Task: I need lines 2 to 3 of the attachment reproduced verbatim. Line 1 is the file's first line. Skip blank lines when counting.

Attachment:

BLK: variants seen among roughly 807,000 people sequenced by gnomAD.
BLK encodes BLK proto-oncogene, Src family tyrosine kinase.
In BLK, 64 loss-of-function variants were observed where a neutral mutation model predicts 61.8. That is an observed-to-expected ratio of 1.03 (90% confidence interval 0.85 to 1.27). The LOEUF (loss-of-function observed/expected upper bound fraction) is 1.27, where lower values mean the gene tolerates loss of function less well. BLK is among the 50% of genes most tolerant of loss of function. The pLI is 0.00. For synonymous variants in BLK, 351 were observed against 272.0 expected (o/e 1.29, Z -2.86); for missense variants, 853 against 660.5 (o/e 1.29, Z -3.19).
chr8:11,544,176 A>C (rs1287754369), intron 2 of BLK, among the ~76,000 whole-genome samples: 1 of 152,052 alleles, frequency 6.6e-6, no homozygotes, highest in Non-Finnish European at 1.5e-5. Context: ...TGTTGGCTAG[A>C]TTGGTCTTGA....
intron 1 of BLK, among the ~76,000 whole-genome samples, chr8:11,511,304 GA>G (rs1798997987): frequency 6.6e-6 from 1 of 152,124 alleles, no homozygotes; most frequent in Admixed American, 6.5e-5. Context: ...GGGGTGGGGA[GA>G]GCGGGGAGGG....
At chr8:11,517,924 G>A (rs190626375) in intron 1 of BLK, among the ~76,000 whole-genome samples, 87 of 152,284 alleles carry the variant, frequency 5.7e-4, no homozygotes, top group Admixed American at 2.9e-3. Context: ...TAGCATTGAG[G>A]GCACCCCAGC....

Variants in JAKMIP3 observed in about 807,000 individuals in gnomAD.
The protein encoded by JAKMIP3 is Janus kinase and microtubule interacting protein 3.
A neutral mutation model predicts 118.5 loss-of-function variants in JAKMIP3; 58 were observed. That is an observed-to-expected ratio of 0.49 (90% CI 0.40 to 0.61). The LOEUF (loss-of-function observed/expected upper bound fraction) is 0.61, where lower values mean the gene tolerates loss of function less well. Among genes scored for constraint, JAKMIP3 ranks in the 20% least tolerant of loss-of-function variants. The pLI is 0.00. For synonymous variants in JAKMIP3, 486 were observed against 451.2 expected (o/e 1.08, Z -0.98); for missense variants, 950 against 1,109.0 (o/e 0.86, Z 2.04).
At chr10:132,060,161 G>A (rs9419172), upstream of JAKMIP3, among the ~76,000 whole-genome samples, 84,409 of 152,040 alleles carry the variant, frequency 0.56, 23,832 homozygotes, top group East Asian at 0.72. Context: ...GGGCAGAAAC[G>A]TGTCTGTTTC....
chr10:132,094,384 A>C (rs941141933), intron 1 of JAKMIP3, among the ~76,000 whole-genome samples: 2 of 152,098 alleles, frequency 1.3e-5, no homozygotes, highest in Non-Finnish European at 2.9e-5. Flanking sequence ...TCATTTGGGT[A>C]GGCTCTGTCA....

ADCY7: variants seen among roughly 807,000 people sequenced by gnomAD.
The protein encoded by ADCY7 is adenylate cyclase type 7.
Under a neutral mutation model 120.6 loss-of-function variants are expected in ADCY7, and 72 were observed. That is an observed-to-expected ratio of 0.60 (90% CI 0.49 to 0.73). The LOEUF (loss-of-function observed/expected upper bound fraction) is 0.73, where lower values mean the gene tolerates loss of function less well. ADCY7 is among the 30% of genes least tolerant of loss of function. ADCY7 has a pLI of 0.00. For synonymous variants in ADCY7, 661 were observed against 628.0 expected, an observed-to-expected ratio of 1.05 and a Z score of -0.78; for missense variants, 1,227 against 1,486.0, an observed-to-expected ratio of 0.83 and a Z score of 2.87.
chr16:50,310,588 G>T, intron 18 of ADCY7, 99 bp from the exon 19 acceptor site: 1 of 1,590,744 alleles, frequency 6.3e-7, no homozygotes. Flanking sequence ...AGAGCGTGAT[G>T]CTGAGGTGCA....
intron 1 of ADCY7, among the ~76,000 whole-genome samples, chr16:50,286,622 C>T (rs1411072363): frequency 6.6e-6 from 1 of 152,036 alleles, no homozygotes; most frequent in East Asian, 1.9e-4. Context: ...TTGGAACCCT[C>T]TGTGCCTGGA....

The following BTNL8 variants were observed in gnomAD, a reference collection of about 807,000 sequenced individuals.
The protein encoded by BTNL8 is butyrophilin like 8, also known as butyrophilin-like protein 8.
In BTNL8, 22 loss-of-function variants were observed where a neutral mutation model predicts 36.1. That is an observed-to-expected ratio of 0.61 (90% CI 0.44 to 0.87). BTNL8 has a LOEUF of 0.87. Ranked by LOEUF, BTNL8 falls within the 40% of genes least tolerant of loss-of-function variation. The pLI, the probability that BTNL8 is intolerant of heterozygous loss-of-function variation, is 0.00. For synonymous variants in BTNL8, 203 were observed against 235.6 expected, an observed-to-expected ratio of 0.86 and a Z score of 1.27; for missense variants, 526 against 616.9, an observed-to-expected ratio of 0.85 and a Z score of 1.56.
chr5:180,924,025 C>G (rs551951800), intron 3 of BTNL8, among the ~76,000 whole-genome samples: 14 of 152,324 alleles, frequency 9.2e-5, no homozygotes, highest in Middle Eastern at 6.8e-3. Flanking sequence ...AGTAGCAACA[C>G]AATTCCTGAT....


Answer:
BLK encodes BLK proto-oncogene, Src family tyrosine kinase.
In BLK, 64 loss-of-function variants were observed where a neutral mutation model predicts 61.8. That is an observed-to-expected ratio of 1.03 (90% confidence interval 0.85 to 1.27). The LOEUF (loss-of-function observed/expected upper bound fraction) is 1.27, where lower values mean the gene tolerates loss of function less well. BLK is among the 50% of genes most tolerant of loss of function. The pLI is 0.00. For synonymous variants in BLK, 351 were observed against 272.0 expected (o/e 1.29, Z -2.86); for missense variants, 853 against 660.5 (o/e 1.29, Z -3.19).